Mathias Eick: The Lyrical Dimension
ME: That is something really special. It was in 2003 or 2004 when I first heard a solo album from Thomas Dybdahl. I still remember, I was sitting in the Jaga Jazzist band car as the song "Stay Home" came on. I thought it was amazing, and I sort of heard myself playing that piece with him right away. I copied his address from the CD cover to write to him and tell him how much liked it, but never did. I was hoping that one day I would get to work with him. And then a few years later, he called me and told me that he would like to do something together. We reworked the piece and I put in my trumpet solo and made it a little more lyrical. He is such a great guy to work with because he really appreciates when people come up with good ideas. We rehearsed for one week and then we made a six-week tour together. The video on YouTube is from that tour.
AAJ: Would it be fair to say that the work with Thomas represents, to an extent, your romantic side, the lyrical aspect of your musical expression?
ME: Absolutely. I am, more than the average musicians, quite focused on the lyrical dimension of my music. Even when I am rearranging old pieces, I am trying to bring the lyrical part to the front. An then, of course you need the contradiction with other, more sober sounds and noises, but if you know how to combine them it can be really beautiful.
AAJ: Is there such a thing as a master plan, where you know where you want to get, or it is more a matter of chance?
ME: Yes, you can do that but, at the same time, it is not easy to plan the future when it comes to music and emotions because things change really fast. What you can do is to build some frame around it and say, for instance, I don't want to repeat myself too much or try not to copy others, and inside this frame I will develop. Of course, it took me quite a few years to figure out how to do it. When it comes to the practical side it is easier. I had this dream for ten years to make a record with Manfred Eicher at ECM, in Germany. I saw it coming nearer and when the time was right I knew what I had to do. But then again it is interesting to see what the next step is going to be because now I am writing a lot of music for theater and I had a commissioned work for the VossaJazz Festival in Norway.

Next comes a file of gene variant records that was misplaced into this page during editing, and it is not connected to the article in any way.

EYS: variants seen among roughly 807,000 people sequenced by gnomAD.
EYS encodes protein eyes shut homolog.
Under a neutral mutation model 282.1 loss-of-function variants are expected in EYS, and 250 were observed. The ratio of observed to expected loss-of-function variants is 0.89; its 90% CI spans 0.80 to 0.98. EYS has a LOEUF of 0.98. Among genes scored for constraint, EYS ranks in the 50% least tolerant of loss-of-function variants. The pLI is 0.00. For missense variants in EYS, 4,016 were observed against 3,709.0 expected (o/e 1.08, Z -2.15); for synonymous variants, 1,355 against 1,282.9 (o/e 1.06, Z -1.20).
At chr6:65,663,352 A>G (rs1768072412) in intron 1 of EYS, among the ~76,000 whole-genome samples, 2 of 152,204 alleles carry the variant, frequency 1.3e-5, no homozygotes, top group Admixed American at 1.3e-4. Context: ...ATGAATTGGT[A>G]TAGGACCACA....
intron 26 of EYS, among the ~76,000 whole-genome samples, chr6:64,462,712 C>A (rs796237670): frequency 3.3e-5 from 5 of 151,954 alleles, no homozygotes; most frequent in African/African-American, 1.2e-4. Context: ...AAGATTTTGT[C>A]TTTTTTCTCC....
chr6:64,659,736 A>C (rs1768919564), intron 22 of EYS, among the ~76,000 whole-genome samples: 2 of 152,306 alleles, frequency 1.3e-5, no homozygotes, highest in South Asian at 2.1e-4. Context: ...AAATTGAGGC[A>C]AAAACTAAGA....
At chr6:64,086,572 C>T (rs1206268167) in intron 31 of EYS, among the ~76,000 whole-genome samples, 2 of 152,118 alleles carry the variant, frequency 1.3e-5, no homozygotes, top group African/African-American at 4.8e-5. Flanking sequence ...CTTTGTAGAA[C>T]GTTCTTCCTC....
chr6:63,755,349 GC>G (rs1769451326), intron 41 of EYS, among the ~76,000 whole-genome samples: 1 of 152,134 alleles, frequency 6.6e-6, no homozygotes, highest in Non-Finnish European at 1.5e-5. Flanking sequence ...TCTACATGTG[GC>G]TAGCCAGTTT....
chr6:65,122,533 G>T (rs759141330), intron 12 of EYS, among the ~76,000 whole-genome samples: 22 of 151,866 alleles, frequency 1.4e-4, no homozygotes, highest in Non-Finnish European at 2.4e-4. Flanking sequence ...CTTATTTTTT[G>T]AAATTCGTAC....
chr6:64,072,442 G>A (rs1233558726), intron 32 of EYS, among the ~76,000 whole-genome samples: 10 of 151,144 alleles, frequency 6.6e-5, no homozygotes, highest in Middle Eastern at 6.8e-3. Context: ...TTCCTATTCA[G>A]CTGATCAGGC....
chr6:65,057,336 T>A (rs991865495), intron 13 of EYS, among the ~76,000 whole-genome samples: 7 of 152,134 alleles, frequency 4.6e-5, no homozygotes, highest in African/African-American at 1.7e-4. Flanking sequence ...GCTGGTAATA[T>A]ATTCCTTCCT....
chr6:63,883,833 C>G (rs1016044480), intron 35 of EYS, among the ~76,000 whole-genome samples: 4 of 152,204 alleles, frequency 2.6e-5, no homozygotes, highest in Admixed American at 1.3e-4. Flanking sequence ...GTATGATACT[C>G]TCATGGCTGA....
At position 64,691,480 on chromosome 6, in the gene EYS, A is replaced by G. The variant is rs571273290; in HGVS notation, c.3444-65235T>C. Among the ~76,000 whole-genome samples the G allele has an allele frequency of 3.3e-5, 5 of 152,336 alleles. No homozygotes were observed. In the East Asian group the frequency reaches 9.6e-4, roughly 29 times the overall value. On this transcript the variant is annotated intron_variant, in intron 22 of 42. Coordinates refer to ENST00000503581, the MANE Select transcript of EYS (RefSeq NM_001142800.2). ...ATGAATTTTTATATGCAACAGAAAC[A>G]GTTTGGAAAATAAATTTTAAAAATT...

AAJ: You said somewhere that Skala represents a natural link in your development as an artist. Please discuss your line of development and what particular station this album represents.
ME: One thing is the composing part and another thing is the band. The previous album, The Door, was a really quiet, reflective record in a way, and I didn't want to repeat that. Therefore, it became interesting to try another direction. Skala has more musicians and more energy and more arrangements. So, from the compositional point of view it is more complex. It took a few years to break the barrier and release The Door. Whatever you do is just like a blueprint of where you are in your life and if you put that into an historical context, then you can try and incorporate some of those aspects into your music. Actually this is what I have been trying to do for many years, puttin myself into this picture. Because you have Arve Henriksen, Nils Petter Molvær, Jon Hassell and Kenny Wheeler, and all those trumpet players I am surrounded by, and I didn't want to sound like a copy of any of them. That was a big challenge, so it was good to break that barrier and start playing.
AAJ: Is your music taking a more narrative, more explicit form of expression now, or is it only a phase in your general development?
ME: Skala is more conservative than The Door, more approachable to some extent. You know, The Door was the result of many years of experimenting and searching.
AAJ: I was wondering if you were influenced by minimalism in "Oslo"?
ME: "Oslo" is one of the most pop-ish songs on the album, where the lyrical trumpet intro kind of hides the conservative part, but the inner growth you are sensing may come from the fact that there's a lot of energy in that piece. The other thing regarding the energy was that when I started a band I didn't want to have a quiet, low-playing orchestra. I wanted to be with people who really took off and played out. I wanted them to be expressionists. There are no rules or regulation that say that you have to play soft or quiet.
AAJ: What is the extra dimension the second drum set brings to the sound?
ME: It is not that much a matter of having more or louder drums, as it is a matter of making the sound wider and deeper. When we had only one drummer, I used to play bongo drums on the solos. I think that whenever you make music you need to keep in mind that the sonic landscape needs to be three-dimensional and you are part of it. There are so many layers there that you can dig into. The inspiration for that is actually the quartet Keith Jarrett had in the second half of the seventies, with Jon Christensen, Palle Danielsson and Jan Garbarek, who used to play percussion when Keith Jarrett took a solo. I wanted to recreate that swing.